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Township Council Addresses Sandy Response

Officials plan to meet to assess storm response and determine what, if anything, should change

In the wake of Hurricane Sandy, Manchester officials discussed how the township handled the storm and said they plan to hold a meeting to determine what worked and what could be done better should severe weather again impact the area.

Members of the Township Council on Monday praised the efforts of police, public works and emergency volunteers who responded following the storm that devastated parts of New Jersey.

"They did a great effort," said council President Craig Wallis, who attended the meeting through telephone. "They were out there the whole time." 

While some neighboring communities experienced severe damage that destroyed homes and displaced families, Manchester mostly dealt with downed trees and powerlines and days-long electricity outages. 

Business Administrator Elena Zsoldos added her appreciation for the work done by "all of our employees — police, fire, first aid — they were all wonderful during this storm," she said.

Additionally, Wallis said that "many" residents stepped up to volunteer their time to help others.

"So I'm definitely thankful to them. It was a large impact on our community and we made it through, mostly, pretty well," he said.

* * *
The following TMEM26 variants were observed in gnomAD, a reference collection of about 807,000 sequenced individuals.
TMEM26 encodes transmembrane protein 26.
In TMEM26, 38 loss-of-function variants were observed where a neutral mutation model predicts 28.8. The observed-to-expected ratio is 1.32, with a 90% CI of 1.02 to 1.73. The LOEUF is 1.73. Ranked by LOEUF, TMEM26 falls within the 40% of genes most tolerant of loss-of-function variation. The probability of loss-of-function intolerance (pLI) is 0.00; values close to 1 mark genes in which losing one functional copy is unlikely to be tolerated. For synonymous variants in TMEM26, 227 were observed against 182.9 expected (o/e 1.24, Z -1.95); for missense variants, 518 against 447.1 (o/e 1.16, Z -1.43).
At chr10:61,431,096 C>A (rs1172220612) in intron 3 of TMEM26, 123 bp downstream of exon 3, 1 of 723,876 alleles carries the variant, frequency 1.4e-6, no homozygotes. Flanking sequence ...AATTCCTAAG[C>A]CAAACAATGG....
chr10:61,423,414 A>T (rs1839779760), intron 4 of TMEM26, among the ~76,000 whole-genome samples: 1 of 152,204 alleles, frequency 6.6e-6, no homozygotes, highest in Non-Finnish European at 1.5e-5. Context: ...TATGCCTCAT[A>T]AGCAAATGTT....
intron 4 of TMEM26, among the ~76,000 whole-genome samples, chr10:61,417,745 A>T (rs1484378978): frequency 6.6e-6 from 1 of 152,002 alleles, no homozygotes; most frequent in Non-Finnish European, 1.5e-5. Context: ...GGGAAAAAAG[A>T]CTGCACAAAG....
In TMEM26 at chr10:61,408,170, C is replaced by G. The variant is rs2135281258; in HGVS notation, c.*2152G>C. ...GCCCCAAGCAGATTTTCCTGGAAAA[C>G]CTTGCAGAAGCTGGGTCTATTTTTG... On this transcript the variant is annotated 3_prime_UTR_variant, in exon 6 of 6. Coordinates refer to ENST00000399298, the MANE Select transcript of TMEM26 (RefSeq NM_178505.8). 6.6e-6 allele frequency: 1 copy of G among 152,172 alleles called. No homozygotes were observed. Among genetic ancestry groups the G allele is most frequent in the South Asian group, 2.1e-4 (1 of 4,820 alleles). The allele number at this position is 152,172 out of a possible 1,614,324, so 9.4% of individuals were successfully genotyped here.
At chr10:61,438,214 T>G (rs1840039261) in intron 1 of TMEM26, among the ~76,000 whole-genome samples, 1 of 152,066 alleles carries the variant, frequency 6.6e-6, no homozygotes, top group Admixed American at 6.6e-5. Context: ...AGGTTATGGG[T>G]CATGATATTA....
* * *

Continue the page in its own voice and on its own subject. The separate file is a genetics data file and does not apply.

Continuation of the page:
Whiting resident Tom Gilligan said during the meeting's public comment portion that while he appreciated the efforts of Manchester's personnel, he said that more information could have been provided to residents on the township website before Sandy struck.

"It didn't even say in the event that it was needed, where there would be shelters," he said. 

Chief of Police Brian Klimakowski said that information was available on the township and police department websites and authorities keep a database of special needs residents they monitored throughout the storm. The township did not have the resources to open its own shelter, which is why any Manchester residents who needed to evacuate were told to utilize a shelter run by Ocean County.

"I'm not criticising what was done," Gilligan said. "I think that these things need to be looked at."

Zsoldos thanked Gilligan for his input and said that officials plan to hold a meeting to determine what worked and what could be done better should another severe storm impact the area.

Council member Sam Fusaro acknowledged that it was difficult for some residents to stay informed through the township's reverse 9-1-1 calls because many modern phone systems rely on electricity to work. With a large percentage of residents without power during and after Sandy, they could have missed vital information.

"Most service goes when power goes," Fusaro said, adding that the township should work with residents to ensure that cell phone numbers are registered to the system in addition to landlines.

Handling an election just days after Sandy was "some chaos," said Clerk Sabina Skibo.

"But it was controlled chaos in the office. Everyone was very patient," Skibo said. "My staff worked approximately 30 hours over two days trying to get polling places back up, moving people around." 

One of Manchester's 40 voting districts was closed because of Sandy and residents who normally used the site were offered a bus to a nearby polling location.